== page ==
The Queensland Reds have pulled off a major coup by signing former All Blacks back-rower Adam Thomson.
A family link has helped deliver Queensland a Super Rugby recruit who looms as more influential than James O’Connor and Karmichael Hunt – former All Blacks flanker Adam Thomson.
Thomson, among the competition’s most dangerous forwards in five seasons as a key man for the Highlanders, will join the Reds for the 2015 season in a major coup for coach Richard Graham.
Graham was alerted to the 29-Test back-rower’s desire to return to top-level rugby by his brother-in-law, Canon Eagles coach Zane Hilton, in early August.
Thomson has starred for the Eagles for the past two seasons of Japan’s Top 12 and Hilton’s quiet word with Graham triggered talks after the Reds finally gave up on their quest to lure another All Blacks flanker in Victor Vito.
With Queensland sorely missing an attacking X-factor in their pack following the losses of Scott Higginbotham and Radike Samo, the athletic 196cm Thomson fits the bill superbly in an otherwise small, hard-working back-row.
“He’s an outstanding signing,” Graham said. “I’m fortunate I know the coach of Canon very well and his form over there has been outstanding – he’s the top try-scorer and one of the most influential foreigners.
“He’s craving the competition of Super Rugby and it’s evident his standards are still high.”
But the Reds will have to be patient as Thomson won’t join them in pre-season training until late January, at the earliest, or after their first-round match against the Brumbies on February 13 if the Eagles make the finals.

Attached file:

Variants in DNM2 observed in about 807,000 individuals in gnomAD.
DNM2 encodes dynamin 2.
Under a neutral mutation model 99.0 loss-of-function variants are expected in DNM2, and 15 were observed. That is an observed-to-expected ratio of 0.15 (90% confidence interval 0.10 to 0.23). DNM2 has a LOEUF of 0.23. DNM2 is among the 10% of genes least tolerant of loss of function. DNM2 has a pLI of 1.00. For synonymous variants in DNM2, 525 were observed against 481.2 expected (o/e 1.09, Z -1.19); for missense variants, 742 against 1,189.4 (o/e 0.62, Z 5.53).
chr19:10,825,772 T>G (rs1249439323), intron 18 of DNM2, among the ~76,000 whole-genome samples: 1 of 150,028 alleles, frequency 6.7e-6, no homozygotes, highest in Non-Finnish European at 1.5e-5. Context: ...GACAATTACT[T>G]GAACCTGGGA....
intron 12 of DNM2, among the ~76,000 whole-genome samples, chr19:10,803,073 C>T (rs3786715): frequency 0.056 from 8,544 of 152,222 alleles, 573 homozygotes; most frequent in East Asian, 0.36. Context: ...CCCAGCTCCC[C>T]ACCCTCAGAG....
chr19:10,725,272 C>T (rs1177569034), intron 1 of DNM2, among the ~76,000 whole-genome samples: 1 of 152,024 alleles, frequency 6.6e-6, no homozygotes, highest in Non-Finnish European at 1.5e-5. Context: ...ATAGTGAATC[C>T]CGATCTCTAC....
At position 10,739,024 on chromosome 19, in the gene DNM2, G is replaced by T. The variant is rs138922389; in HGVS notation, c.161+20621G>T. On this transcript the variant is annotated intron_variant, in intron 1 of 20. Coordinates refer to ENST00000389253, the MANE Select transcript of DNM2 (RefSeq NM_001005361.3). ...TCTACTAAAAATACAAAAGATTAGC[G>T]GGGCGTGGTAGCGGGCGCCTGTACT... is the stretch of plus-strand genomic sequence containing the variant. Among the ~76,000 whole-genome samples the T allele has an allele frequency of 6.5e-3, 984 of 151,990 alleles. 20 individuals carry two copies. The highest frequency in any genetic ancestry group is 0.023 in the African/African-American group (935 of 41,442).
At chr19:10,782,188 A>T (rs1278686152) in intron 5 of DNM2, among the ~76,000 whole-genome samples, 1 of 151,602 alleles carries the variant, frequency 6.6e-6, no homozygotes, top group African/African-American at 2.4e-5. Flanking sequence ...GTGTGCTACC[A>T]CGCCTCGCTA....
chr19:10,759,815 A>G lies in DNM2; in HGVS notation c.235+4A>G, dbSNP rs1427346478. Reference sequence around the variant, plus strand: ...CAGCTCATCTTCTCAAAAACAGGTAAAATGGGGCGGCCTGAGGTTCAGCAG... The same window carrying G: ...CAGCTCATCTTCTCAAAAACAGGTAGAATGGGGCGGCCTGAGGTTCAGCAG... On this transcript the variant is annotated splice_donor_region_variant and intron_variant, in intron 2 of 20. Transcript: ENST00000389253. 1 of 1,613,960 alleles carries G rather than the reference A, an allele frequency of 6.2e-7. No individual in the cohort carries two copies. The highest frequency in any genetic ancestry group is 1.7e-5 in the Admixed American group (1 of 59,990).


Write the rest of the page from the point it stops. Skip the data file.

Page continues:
Graham is more than prepared to wait as he also sees the 32-year-old, a member of New Zealand’s 2011 World Cup-winning squad, as an intelligent and respected mentor for his young forwards in much the same way Daniel Braid was in 2009 and ’10.
Able to play all three back-row positions, Thomson’s recruitment particularly puts the heat on Ed Quirk and Curtis Browning as he’s pencilled in at blindside flanker to complement poacher Liam Gill and industrious No.8 Jake Schatz.
Queensland have now snaffled three of the biggest off-season recruits – with drawcard outside backs O’Connor and Hunt – to lift them back out of the mire and keep crowd attendances above 30,000.
Consistently one of the Highlanders’ best players in his 68 games, there’s no concerns Thomson won’t show the same passion for the Reds.
“That’s part of his personality,” Graham said. “He was at the heart of the everything that the Highlanders did. A very tough, awkward guy to tackle and very skilful also.
“I think we’ve already got a very good back-row and he brings some real class and quality to it.”